'X-Generation' has given way to new breed of Penguin
The blue-painted goaltender's crease on a sheet of ice suits Marc-Andre Fleury just fine, and he hardly minds sitting at a table with buddy Sidney Crosby to answer a few questions in front of reporters and camera operators following a Penguins' playoff win.
Seeing his portrait on the side of a bus almost five years ago was more than a bit discomforting, though.
"It was never weird to be on the ice, even with a great player like Mario (Lemieux)," Fleury said of the 21 games he played as an 18-year-old during the 2003-04 season. "But one day, I saw my face on a bus, and I was, like, 'Holy ... '. I had to look twice. I couldn't believe it.
"It was pretty cool, I guess. But I did not expect it."
Expectations were not high for the Penguins during Fleury's rookie season. Sure, franchise legend Lemieux was still playing -- so to speak; he appeared in only 10 games in 2003-04. But, aside from its co-owner, the club consisted mostly of guys no more recognizable than they are today.
Very few of them are still around.
Fleury, the No. 1 overall pick in the NHL draft a few months prior to the 2003-04 season, earned a surprise roster spot after a stellar training camp. An affable if shy personality, he immediately was thrust into a promotional campaign that played off cinema classic "The Wizard of Oz."
Lemieux was the sage wizard.
Fleury was part of the "X-Generation," which also included young, good-looking forwards Rico Fata, Matt Bradley, Ramzi Abid and Guillaume Lefebvre, and defenseman Brooks Orpik. Pittsburgh-born left wing Ryan Malone, who paced the Penguins with 22 goals as a rookie that season, was not even in the picture -- literally.
"I was coming out of college and most of those guys were with (AHL affiliate) Wilkes-Barre/Scranton the year before," Malone said. "I kind of came out of left field."
Unfortunately for the "X-Generation" and its equally inexperienced coach, former team broadcaster Eddie Olczyk, wins also came out of left field.
The Penguins lost seven of nine games from Nov. 4-21 in 2003, six of eight from New Year's Eve to Jan. 12, 2004, and 18 in a row, including an overtime defeat, from Jan. 13 to Feb. 25.
They ended the year strong, going 12-5-3-0, but finished with an NHL-worst 58 points -- and then they were foiled by the Washington Capitals in the draft lottery with the rights to a promising Russian prospect named Alexander Ovechkin at stake.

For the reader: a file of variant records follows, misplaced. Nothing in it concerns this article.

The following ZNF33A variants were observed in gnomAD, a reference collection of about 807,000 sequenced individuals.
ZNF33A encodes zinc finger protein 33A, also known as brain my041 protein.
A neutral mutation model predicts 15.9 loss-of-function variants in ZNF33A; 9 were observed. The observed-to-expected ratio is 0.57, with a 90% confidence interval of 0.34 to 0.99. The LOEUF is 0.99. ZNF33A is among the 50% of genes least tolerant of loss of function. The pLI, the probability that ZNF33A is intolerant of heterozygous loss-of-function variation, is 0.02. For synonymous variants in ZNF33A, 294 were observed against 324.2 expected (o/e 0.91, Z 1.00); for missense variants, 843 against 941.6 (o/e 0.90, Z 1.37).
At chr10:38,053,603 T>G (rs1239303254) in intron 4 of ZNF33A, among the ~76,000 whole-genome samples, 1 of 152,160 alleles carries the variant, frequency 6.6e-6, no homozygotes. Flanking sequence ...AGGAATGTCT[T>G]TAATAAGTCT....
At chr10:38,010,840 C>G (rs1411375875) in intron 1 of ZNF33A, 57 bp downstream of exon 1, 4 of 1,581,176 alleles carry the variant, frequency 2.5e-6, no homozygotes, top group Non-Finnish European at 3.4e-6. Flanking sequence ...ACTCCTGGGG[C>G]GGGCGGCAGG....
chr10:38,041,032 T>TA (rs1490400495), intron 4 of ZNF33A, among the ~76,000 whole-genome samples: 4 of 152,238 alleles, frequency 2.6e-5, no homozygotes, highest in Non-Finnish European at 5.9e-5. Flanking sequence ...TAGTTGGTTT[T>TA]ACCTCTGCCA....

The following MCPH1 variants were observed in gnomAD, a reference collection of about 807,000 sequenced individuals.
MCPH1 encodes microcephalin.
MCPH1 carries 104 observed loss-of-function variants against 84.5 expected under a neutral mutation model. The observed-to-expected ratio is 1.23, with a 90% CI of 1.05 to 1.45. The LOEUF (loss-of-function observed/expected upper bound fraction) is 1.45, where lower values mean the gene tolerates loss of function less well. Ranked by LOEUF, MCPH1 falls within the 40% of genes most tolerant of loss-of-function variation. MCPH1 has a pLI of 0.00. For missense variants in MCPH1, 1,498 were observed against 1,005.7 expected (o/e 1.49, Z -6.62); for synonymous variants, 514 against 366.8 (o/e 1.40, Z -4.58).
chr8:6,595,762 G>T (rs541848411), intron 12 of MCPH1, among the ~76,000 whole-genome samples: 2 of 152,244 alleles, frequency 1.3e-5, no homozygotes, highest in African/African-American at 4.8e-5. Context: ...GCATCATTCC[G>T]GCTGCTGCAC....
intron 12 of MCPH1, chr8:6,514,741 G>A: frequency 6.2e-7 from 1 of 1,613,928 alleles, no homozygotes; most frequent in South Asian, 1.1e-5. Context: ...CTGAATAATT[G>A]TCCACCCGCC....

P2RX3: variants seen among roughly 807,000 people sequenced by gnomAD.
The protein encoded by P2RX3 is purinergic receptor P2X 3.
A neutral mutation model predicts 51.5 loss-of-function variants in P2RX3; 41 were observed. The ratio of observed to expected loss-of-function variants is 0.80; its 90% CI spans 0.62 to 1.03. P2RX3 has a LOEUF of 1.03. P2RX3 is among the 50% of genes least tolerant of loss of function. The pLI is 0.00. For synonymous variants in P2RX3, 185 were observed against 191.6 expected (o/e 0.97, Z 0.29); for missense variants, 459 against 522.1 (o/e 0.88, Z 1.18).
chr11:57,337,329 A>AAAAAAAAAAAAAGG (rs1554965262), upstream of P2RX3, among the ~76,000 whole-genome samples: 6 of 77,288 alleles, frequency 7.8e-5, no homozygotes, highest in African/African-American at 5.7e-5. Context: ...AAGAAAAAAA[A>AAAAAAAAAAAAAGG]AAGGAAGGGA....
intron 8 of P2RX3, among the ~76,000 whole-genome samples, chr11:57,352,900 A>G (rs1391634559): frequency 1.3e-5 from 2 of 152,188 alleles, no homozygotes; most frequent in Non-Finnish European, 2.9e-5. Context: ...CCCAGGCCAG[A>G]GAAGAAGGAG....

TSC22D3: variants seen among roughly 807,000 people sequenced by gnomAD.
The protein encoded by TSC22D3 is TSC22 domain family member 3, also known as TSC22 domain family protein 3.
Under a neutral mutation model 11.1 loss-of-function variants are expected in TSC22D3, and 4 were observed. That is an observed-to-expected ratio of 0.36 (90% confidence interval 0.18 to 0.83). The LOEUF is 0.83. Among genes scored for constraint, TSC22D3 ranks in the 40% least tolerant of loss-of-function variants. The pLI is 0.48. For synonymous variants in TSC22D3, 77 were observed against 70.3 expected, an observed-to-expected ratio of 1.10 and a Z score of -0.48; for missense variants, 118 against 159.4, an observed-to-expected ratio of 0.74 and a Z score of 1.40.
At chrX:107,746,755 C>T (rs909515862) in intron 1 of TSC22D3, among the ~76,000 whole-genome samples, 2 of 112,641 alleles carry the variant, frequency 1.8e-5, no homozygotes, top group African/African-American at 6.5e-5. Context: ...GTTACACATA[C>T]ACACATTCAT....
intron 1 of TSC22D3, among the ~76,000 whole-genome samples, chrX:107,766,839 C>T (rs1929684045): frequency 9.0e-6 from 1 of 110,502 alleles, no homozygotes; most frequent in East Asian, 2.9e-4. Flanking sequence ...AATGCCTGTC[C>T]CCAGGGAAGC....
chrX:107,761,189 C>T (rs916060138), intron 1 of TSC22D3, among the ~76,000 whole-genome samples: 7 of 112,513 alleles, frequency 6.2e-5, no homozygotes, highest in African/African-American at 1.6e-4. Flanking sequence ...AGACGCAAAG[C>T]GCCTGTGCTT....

The Penguins' so-called consolation prize in the 2004 entry draft was Evgeni Malkin. Even though his NHL debut was two years away, Malkin's selection marked the beginning of the end for the "X-Generation."
"Looking back, the feeling was a lot of the guys that were there would be here now," Orpik said. "We were so young, and they tried selling that team hard. Guys were probably forced into roles that probably didn't fit them.
"Now, we've got this 'Evolution,' with Malkin, Crosby and (Jordan) Staal -- guys that are in roles they should be in."
Fleury, Orpik, Malone and forward Kris Beech are the only remnants from the 2003-04 team. Coincidentally, four years after that season marked by "X-treme" losing, those four players are 11 wins from the Stanley Cup.
Fleury, Orpik and Malone were the only impact contributors from the "X-Generation" when the Penguins returned from the NHL lockout in 2005-06. They were joined that season by Crosby, a hyped first overall pick in 2005, and current young core members such as defenseman Ryan Whitney and center Max Talbot, not to mention defensemen Rob Scuderi and Sergei Gonchar.
Malkin and Staal, a second-overall pick in 2006, debuted the next season, and by then, the Penguins were asking fans to "Experience the Evolution," which did not involve most of the "X-Generation."
"Everything changed pretty fast," Fleury said.
"We were all young guys, and they were selling them," Orpik said. "Now, we've got a lot of young guys still, and they're still selling them, but maybe with more expectations ... and I'm the old guy at 27."
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